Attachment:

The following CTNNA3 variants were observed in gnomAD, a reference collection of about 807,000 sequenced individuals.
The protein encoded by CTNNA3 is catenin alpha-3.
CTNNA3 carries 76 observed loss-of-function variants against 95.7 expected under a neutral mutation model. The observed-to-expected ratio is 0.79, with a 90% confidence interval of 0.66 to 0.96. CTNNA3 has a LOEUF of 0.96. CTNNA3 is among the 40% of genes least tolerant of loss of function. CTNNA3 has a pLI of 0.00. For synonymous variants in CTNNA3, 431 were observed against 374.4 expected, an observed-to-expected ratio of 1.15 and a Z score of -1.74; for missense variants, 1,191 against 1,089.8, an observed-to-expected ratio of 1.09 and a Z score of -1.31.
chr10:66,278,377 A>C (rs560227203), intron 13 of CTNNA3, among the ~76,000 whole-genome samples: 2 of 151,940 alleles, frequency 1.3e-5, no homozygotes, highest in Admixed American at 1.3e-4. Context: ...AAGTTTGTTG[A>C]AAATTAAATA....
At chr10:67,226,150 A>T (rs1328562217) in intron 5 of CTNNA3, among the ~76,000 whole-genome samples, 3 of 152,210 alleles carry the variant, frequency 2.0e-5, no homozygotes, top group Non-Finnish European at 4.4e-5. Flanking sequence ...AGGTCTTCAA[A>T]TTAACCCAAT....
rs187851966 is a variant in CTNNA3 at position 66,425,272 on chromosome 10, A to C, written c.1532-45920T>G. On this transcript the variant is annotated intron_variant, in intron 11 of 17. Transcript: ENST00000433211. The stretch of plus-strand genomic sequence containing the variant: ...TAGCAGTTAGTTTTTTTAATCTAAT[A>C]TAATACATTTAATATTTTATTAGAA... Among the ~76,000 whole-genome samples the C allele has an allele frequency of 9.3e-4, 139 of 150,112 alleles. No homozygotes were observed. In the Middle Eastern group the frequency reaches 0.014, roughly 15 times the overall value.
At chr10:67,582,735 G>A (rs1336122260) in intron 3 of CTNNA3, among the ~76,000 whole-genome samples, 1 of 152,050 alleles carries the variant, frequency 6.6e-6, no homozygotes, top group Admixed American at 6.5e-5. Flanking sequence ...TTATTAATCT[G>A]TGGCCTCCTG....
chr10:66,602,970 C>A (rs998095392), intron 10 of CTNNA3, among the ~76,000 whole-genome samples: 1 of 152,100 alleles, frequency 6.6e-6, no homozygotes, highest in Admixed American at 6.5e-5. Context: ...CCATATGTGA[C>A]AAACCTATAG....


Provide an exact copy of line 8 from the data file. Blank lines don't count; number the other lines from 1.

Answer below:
chr10:66,602,970 C>A (rs998095392), intron 10 of CTNNA3, among the ~76,000 whole-genome samples: 1 of 152,100 alleles, frequency 6.6e-6, no homozygotes, highest in Admixed American at 6.5e-5. Context: ...CCATATGTGA[C>A]AAACCTATAG....